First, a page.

One of the reasons I wanted to run my own business was so that I could work from anywhere in the world. For my entire adult life, it's always been one of my dreams to create a career that only required a WiFi connection. That way I could get on a plane whenever I wanted to without worrying about whether or not I'd be getting paid.

I'm not the only millennial who craves this kind of flexibility.  On career survey after career survey, the millennial generation often times cites flexibility as being the most important factor in a career.  Having access to the internet means they have no reason to be bound to an office or spend any less time enjoying their personal lives - whether that means traveling the world or taking a midday nap.

My First Attempt At Running a Business From a Foreign Country

Just recently, I took my first international trip while attempting to keep my business running from my laptop. I was staying with a friend in Mexico, who also runs her business from her laptop and had just spent the last couple of months traveling with her husband. 

Since this was my first time traveling internationally while trying to maintain business as usual, I have to admit I felt a bit frazzled as I tried to meet deadlines from airports, on airplanes and wherever I could find some WiFi.

It was obvious that my colleagues were definitely more experienced in this arena than I was, so I asked them what tips they had for aspiring world travelers who need to work while traveling.

Have an internet backup plan.

"Probably the biggest factor I see people struggle with is allowing for infrastructure like Internet, services and amenities not working as you expect them to," says Natalie The Suitcase Entrepreneur.

Sisson has been on the road while simultaneously running her online business since 2006. In that time she's visited 69 countries, lived out of a suitcase and built a multiple six figure business.

Her backup plan? She buys a local SIM card so she can access data.

You also have some internet options in more remote areas. "You can get WiFi hotspots to rent for a certain period of time," says Cat Alford, freelance writer and entrepreneur. She's going to Iceland in May and has already contacted a company there so that she can rent a hotspot during her stay..

Leverage the tools at your disposal.

"There are so many powerful scheduling tools nowadays that you almost don't need to do anything in real time anymore," says Jim Wang of Wallet Hacks.

He suggests leveraging tools and systems ahead of time so that they can run while you're on the road. This will help free up your time while ensuring that things still get done.

According to Wang, once you get rid of real-time work then the rest is simply a matter of managing your time and finding a good WiFi connection.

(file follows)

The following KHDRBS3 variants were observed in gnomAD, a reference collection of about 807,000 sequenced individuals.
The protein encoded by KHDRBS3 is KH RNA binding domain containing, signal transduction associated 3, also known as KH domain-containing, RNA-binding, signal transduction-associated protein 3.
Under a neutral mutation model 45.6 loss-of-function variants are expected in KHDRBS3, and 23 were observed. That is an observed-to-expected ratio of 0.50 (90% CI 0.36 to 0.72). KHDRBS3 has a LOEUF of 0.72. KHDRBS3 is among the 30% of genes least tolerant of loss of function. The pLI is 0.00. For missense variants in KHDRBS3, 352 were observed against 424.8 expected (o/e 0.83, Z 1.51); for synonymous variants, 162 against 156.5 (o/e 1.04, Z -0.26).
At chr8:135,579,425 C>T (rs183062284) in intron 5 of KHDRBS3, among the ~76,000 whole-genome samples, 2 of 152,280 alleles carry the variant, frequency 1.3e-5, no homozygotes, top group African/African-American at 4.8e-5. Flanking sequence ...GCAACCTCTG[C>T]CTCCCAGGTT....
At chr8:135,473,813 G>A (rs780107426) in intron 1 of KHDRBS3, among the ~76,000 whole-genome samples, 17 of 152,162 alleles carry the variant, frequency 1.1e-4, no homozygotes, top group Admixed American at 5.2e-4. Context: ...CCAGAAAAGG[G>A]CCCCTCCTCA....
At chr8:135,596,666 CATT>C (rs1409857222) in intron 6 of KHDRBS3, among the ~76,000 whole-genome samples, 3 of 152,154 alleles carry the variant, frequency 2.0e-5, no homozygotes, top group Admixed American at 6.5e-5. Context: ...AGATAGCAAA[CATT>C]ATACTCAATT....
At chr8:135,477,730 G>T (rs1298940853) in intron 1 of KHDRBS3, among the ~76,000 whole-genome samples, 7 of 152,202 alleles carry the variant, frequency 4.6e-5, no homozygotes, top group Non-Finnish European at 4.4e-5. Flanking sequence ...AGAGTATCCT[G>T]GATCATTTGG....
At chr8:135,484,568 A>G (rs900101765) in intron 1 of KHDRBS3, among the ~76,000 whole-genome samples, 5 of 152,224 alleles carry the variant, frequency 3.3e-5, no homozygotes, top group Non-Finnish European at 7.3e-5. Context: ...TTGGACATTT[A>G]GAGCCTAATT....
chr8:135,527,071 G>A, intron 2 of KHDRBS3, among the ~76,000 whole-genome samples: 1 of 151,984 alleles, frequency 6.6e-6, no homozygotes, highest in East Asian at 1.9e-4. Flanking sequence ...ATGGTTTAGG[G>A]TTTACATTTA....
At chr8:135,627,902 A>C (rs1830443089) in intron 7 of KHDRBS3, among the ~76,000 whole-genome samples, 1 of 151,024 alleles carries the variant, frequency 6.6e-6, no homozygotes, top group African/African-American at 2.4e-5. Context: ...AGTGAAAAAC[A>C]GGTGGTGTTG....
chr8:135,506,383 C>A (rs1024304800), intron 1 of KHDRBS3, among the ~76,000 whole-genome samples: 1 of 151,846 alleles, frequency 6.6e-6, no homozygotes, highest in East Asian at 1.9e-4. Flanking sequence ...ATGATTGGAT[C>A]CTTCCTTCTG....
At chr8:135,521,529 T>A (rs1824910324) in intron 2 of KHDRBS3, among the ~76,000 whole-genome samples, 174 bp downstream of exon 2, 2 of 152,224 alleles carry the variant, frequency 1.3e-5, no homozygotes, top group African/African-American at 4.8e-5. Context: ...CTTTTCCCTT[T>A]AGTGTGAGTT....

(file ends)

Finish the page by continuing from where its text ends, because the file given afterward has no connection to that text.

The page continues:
Make sure your team is ready.

Speaking of finding a good WiFi connection, I had to send a desperate message to my virtual assistant from 30,000 feet in the air when I couldn't log into our social media manager to meet a client deadline. Since the connection wasn't great all I could manage to do was send a message delegating the task to her.

The more you travel the more you may be relying on your team members when you aren't as available as you normally are - especially if there's a shoddy internet connection.  That's why it's important that your team knows exactly what they need to do while you're on the road. Set the expectations before you leave, map out everything that could go wrong and create a plan.

Invest in good technology.

I took my more than five-year-old Macbook Pro to Mexico and quickly learned I needed an upgrade. Unbeknownst to me, the WiFi card in my Macbook was damaged, which would explain why it was torturous trying to connect to the internet at the Atlanta airport.

Good technology is paramount if you plan on working while on the road. "Finding tech support when you're in a new place can cost you weeks or months worth of work if the tools you use aren't up to date," says Rachael Kay Albers  web designer and digital strategist who has run her business from Mexico, Kenya and anywhere she happens to be.

Final Thoughts

It's easier than ever to work while traveling the globe, you just have to make sure to account for any bumps in the road by having good technology and some systems in place.  Can it be frustrating when you run into tech problems? Sure. But I'll take internet cafes in developing countries if it means I was climbing Mayan ruins the day before.